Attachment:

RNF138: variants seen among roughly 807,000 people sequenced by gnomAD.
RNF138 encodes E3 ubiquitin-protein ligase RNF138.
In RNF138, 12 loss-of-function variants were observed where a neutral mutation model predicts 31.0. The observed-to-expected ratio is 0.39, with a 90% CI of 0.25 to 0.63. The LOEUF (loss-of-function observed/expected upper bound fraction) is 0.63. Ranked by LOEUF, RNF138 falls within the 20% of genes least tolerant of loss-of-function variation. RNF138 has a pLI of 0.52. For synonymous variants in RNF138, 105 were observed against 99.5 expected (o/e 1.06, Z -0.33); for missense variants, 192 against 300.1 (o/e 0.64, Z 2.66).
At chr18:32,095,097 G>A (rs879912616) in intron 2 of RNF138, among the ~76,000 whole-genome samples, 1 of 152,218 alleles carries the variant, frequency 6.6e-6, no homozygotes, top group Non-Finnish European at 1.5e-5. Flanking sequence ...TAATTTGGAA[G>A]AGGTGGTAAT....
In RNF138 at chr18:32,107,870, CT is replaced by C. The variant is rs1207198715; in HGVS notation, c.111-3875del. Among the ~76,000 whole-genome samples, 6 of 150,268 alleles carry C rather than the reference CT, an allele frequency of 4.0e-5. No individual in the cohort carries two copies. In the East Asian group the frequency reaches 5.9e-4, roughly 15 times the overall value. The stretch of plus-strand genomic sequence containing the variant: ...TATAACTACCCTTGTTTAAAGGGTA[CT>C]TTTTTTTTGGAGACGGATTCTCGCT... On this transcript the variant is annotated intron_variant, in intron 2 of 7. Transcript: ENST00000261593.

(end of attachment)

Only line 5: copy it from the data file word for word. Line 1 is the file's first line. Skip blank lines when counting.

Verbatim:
In RNF138 at chr18:32,107,870, CT is replaced by C. The variant is rs1207198715; in HGVS notation, c.111-3875del. Among the ~76,000 whole-genome samples, 6 of 150,268 alleles carry C rather than the reference CT, an allele frequency of 4.0e-5. No individual in the cohort carries two copies. In the East Asian group the frequency reaches 5.9e-4, roughly 15 times the overall value. The stretch of plus-strand genomic sequence containing the variant: ...TATAACTACCCTTGTTTAAAGGGTA[CT>C]TTTTTTTTGGAGACGGATTCTCGCT... On this transcript the variant is annotated intron_variant, in intron 2 of 7. Transcript: ENST00000261593.